With regard to extraintestinal tumors an increased rate was observed only for liver and biliary tract malignancies in both CD patients (IRR = 5.22; 95% CI, 0.96–28.5, P = 0.06) and UC patients (IRR = 3.96; 95% CI, 1.05–14.9), and for lymphoma among patients with CD only (IRR = 2.40; 95% CI, 1.17–4.97). Of the five patients with carcinoma of the liver or biliary tract, two had concurrent diagnoses of primary sclerosing cholangitis. In fact a significant increase in the rate of lymphoma in CD patients was observed only among males (IRR = 3.63; 95% CI, 1.53–8.62) and not among females (IRR = 1.09; 95% CI, 0.25–4.67). Chart review of all hematologic malignancies in IBD patients revealed that no patient had received any immunomodulatory therapy other than corticosteroids (i.e., purine analogs or methotrexate) prior to the development of their cancer.
The incidence rates of breast, prostate, and respiratory carcinomas were not significantly different compared with the general population. There were no significant gender differences for any tumors other than those of the colon and lymphoma.
The results of the current study have corroborated previous findings regarding the increased risk of colon carcinoma in both UC and CD patients in a North American population. Strengths of these findings include the use of a population-based study and the use of a matched non-IBD cohort. By matching based on geographic location of residence, our methodology likely reduced confounding that may be present due to differences in socioeconomic status between those with IBD and the general population.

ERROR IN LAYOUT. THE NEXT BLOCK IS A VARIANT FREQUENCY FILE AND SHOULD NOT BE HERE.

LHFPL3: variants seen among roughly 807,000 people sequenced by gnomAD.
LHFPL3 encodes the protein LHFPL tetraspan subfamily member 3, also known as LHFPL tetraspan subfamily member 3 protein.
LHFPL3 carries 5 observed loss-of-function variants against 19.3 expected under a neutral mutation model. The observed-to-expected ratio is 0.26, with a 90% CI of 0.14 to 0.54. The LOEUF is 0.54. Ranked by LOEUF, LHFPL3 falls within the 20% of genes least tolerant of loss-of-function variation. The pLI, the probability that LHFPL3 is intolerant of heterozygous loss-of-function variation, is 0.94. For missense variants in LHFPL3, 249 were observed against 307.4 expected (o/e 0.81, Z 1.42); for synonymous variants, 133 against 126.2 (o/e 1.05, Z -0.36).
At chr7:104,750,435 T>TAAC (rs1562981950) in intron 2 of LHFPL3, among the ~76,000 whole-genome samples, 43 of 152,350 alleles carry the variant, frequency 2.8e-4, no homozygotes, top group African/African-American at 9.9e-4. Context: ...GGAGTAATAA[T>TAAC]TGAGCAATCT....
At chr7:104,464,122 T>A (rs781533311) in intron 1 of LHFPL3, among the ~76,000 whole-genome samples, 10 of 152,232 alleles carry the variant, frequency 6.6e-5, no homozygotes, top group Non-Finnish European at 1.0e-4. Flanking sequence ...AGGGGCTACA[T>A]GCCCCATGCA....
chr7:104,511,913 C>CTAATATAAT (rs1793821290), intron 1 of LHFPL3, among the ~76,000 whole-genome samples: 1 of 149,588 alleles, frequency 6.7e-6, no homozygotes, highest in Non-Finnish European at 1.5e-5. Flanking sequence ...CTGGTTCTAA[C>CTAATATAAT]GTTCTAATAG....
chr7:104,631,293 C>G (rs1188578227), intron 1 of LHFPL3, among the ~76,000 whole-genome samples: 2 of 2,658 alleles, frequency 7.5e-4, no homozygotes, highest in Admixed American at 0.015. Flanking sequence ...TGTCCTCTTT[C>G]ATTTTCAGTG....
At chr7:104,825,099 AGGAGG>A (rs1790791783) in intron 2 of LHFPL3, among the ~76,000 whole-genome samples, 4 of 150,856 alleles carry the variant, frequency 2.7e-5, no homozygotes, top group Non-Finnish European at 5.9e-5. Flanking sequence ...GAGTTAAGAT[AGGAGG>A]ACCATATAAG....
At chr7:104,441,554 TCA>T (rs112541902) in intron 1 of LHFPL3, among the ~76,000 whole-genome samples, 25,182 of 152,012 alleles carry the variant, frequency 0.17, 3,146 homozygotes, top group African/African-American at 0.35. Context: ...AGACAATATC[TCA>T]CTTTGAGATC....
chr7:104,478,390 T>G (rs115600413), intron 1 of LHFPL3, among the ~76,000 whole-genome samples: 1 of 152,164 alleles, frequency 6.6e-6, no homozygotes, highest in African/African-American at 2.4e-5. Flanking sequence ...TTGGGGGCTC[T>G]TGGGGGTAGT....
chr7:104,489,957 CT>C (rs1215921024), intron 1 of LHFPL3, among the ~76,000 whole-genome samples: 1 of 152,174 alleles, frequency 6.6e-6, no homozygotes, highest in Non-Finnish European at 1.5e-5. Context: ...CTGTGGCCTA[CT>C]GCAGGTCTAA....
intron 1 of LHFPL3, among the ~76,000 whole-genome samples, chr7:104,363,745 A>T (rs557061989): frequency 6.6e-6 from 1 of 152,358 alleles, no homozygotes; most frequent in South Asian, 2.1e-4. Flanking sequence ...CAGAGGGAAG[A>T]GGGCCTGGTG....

The risk of colorectal carcinoma in UC patients is estimated to be approximately 7–14% after 25 years of disease.1–3 Actuarial data suggest that rates may be as high as 30% when disease duration is > 35 years.4, 7 The relative risk of colon carcinoma in UC patients from Swedish population-based data was higher (5.7; 95% CI, 4.6–7.0)7 than found in the current study. The higher IRR noted in that study might reflect their longer follow-up period of approximately 50 years. It also may be due to the lack of control for socioeconomic status because both IBD and colorectal carcinoma reportedly are more common in those with higher socioeconomic status. Another population-based Swedish study encompassing the years 1955–1989 revealed a relative risk of 4.1 (95% CI, 2.7–5.8).9 The current study database covers 14 years and we suspect that with more extended follow-up we will find an increase in the number of cases of colon carcinoma in UC as patients have increased durations of disease. Unfortunately, because we have at a maximum only 14 years of potential patient follow-up, we cannot accurately comment on the impact of disease duration on colorectal carcinoma risk. Because we are relying on administrative data and not chart review we also cannot analyze the data accurately by extent of disease. However, the greatest IRR was evident for patients with IBD who were age < 40 years. Thus, those remaining in the cohort are “survivors,” which may diminish somewhat a small source of bias regarding the statistically significantly increased IRRs for those patients age > 40 years. A population-based study from Denmark encompassing 13 years (1977–1989) found a risk ratio of 1.8 for colorectal carcinoma in UC patients (95% CI, 1.3–2.4). In the current study there was a similarly increased relative risk of colon carcinoma (1.7) and rectal carcinoma (1.9).8
It recently has been suggested that patients with primary sclerosing cholangitis have an increased risk of developing colorectal carcinoma.10 Overall, only 5 of 78 IBD patients (6.4%) who subsequently developed colorectal carcinoma also received a diagnosis of primary sclerosing cholangitis. With such small numbers, it is difficult for us to assess whether the presence of primary sclerosing cholangitis was associated with an increased risk of colorectal carcinoma. However, even if it was, it would not contribute much to the excess risk among persons with IBD.